The basic principle of law in India is ‚Äúeveryone is innocent in the eyes of the law unless proven guilty.‚ÄĚ To prove a person guilty, one party needs to establish a legal act or omission on behalf of the other party. And for proving this, he/she needs to support his complaint with proofs. These proofs are known as evidence in the court of law.
The evidence is used by one party to bolster a point put forth by him in the proceedings. They can be in the form of testimony, documents or any tangible evidence. For evidence to be admissible in the court of law, it must be relevant, reliable & must not be excluded by rules of evidence. It is upon the trial court judge to determine whether the evidence may be tendered or not. Irrelevant pieces of evidence only add to the cost & burden in the dispute resolution mechanism.
The rules of evidence govern the admissibility criteria of evidence in legal proceedings. The law of evidence/ rules of evidence are also concerned with the quantum (amount), quality, and type of proof required to prevail in litigation. The rules vary from court to court, i.e. there will be separate rules for evidence in civil or criminal court. The rules also vary by jurisdiction (place to place).
Digital Evidence & their admissibility:
Digital or electronic evidence is the digital data or information that is used as evidence or proof in a trial by a party to support his arguments & for proving the point. The authenticity of the digital data needs to be checked before it is to be used as evidence. It is very important to understand the importance of digital evidence in this digital era because of the increasing use of technology & means of e-communication in the present era. To keep the pace with the rapidly changing technologies, the court has allowed the use of e-mails, digital photographs, internet browser histories, audio & video files, word processing documents as evidence in the court of law.
Section 2(1) (t) of the IT Act defines an electronic record as ‚Äúdata, record or data generated, image or sound stored, received or sent in an electronic form or micro film or computer generated micro fiche‚ÄĚ.
Section 65 (B) of the Indian Evidence Act deals with the admissibility of the electronic records. It defines documents as any information contained in an electronic record which is printed on a paper, stored, recorded or copied in optical or magnetic media produced by a computer. This definition of documents also includes phones, too, under its purview. As the documents are admissible as evidence under the court of law. Hence, SMS/ WhatsApp messages would be admissible under Section 65 of Indian Evidence Act, 1872.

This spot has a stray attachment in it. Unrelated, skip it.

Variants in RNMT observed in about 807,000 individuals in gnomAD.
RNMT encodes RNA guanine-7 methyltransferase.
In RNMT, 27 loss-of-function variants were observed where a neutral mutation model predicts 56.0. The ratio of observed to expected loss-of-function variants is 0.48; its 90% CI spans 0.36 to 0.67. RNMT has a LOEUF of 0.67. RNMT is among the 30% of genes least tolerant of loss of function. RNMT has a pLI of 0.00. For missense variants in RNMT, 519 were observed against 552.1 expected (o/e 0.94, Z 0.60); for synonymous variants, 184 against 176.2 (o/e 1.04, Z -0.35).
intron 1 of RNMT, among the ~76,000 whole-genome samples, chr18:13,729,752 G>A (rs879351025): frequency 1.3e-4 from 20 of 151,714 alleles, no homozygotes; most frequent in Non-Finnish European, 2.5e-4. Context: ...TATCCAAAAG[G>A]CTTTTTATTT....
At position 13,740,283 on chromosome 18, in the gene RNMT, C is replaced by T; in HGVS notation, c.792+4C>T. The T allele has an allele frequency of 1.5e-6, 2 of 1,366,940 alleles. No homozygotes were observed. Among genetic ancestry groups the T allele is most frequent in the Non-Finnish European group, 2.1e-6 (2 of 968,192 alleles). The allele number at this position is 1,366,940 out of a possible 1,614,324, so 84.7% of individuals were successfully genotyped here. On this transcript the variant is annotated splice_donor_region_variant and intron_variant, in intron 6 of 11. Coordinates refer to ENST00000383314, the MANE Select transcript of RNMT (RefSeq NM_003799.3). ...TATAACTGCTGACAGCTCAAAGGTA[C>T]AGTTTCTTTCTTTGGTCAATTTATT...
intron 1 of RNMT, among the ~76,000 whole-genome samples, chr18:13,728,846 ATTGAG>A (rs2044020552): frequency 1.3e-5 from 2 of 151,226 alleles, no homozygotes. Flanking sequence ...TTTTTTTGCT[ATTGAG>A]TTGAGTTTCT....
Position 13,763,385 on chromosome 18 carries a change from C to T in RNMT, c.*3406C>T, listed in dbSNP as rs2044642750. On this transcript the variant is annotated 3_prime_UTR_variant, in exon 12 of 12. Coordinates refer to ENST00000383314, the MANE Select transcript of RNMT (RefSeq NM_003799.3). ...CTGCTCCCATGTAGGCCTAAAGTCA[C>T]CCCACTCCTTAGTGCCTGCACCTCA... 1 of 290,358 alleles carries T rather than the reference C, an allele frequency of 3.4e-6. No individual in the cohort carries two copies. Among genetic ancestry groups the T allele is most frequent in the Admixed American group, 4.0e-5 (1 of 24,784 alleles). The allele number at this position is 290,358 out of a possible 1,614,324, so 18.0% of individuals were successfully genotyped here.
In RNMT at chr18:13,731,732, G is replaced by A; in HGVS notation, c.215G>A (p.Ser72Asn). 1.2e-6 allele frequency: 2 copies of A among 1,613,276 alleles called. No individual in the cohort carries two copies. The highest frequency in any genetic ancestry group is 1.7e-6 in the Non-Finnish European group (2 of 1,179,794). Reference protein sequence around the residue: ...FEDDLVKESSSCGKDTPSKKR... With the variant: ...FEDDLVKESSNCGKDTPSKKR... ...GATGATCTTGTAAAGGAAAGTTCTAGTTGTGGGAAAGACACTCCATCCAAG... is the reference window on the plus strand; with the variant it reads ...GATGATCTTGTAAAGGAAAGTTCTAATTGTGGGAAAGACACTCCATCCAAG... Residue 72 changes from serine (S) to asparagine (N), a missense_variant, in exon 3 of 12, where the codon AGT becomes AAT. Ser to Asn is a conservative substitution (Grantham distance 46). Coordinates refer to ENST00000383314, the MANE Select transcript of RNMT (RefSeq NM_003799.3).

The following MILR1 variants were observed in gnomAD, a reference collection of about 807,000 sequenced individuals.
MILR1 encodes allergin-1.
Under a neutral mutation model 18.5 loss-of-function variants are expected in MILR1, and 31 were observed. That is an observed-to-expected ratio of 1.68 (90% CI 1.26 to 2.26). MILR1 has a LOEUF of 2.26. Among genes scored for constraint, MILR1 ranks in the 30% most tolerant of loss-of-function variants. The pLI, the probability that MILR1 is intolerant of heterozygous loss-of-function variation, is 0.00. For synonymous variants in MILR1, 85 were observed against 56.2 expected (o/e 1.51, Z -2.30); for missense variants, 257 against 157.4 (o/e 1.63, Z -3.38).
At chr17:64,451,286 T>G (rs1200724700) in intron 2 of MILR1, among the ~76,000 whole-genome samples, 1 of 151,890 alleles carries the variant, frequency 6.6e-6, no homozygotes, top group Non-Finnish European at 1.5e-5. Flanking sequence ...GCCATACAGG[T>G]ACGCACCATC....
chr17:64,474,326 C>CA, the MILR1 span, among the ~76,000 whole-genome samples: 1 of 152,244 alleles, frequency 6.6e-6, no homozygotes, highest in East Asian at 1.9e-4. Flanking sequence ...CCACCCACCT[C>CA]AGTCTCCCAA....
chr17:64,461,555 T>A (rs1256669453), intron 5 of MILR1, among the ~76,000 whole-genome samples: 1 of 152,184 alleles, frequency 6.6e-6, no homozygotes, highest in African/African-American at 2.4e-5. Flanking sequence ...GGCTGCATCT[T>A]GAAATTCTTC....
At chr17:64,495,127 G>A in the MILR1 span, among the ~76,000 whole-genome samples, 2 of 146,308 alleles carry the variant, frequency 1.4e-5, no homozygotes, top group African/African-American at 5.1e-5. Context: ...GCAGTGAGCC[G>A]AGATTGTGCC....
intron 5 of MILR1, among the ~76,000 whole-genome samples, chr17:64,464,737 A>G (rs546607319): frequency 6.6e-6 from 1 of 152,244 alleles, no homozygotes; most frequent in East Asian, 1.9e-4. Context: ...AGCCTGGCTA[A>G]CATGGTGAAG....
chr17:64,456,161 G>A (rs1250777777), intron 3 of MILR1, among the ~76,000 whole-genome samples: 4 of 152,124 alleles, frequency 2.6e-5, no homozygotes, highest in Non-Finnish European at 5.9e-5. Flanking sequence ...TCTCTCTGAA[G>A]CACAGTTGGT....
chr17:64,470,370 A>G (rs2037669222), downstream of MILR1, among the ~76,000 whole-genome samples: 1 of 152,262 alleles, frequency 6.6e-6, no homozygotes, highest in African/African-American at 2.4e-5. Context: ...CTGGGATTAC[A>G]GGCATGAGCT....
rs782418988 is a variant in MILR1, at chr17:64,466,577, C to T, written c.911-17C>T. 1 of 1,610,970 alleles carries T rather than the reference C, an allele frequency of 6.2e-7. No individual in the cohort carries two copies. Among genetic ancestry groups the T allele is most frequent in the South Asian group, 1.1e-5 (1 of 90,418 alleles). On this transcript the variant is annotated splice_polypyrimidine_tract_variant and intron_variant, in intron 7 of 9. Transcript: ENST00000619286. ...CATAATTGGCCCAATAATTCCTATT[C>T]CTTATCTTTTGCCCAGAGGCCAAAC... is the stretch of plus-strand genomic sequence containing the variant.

Nevertheless, these documents to be permissible has to fulfil certain requirements:
i) the computer that produced the document must have been used regularly at the time of production of such electronic documents;
ii) the kind of information contained in the computer must be such that it is regularly and normally supplied to the electronic device;
iii) the computer, at the time of creation of the electronic record, should be in proper condition and must work properly; and,
iv) the duplicate copy must be a reproduction of the original electronic record & must be the replica of the electronic record.
The position of Indian Courts
It is now well-established by the court that SMS, MMS and e-mails are admissible. The case of State v. Mohd. Afzal & Others gave a very important judgement in this digital era. The court held that Computer generated electronic records is evidence, admissible at a trial if proved in the manner specified by Section 65B of the Evidence Act. Further in Shafhi Mohammad vs The State Of Himachal Pradesh, the hon’ble Supreme Court held that, “The applicability of procedural requirement under¬†Section 65B(4)¬†of the Evidence Act of furnishing certificate is to be applied only when such electronic evidence is produced by a person who is in a position to produce such certificate being in control of the said device and not of the opposite party. In a case where electronic evidence is produced by a party who is not in possession of a device, applicability of¬†Sections 63¬†and¬†65¬†of the Evidence Act cannot be held to be excluded. In such case, procedure under the said Sections can certainly be invoked. If this is not so permitted, it will be denial of justice to the person who is in possession of authentic evidence/witness but on account of manner of proving, such¬†document is kept out of consideration by the court in absence of certificate under¬†Section 65B(4)¬†of the Evidence Act, which party producing cannot possibly secure. Thus, requirement of certificate under¬†Section 65B(h)¬†is not always mandatory. Accordingly, we clarify the legal position on the subject on the admissibility of the electronic evidence, especially by a party who is not in possession of device from which the document is produced. Such party cannot be required to produce certificate under¬†Section 65B(4)¬†of the Evidence Act. The applicability of requirement of certificate being procedural can be relaxed by Court wherever interest of justice so justifies.”
(This article was submitted by Kalpana Mittal, a 2nd year student of law at Dr. Ram Manohar Lohiya National Law University, as a part of B&B Associates LLP’s winter-internship program.)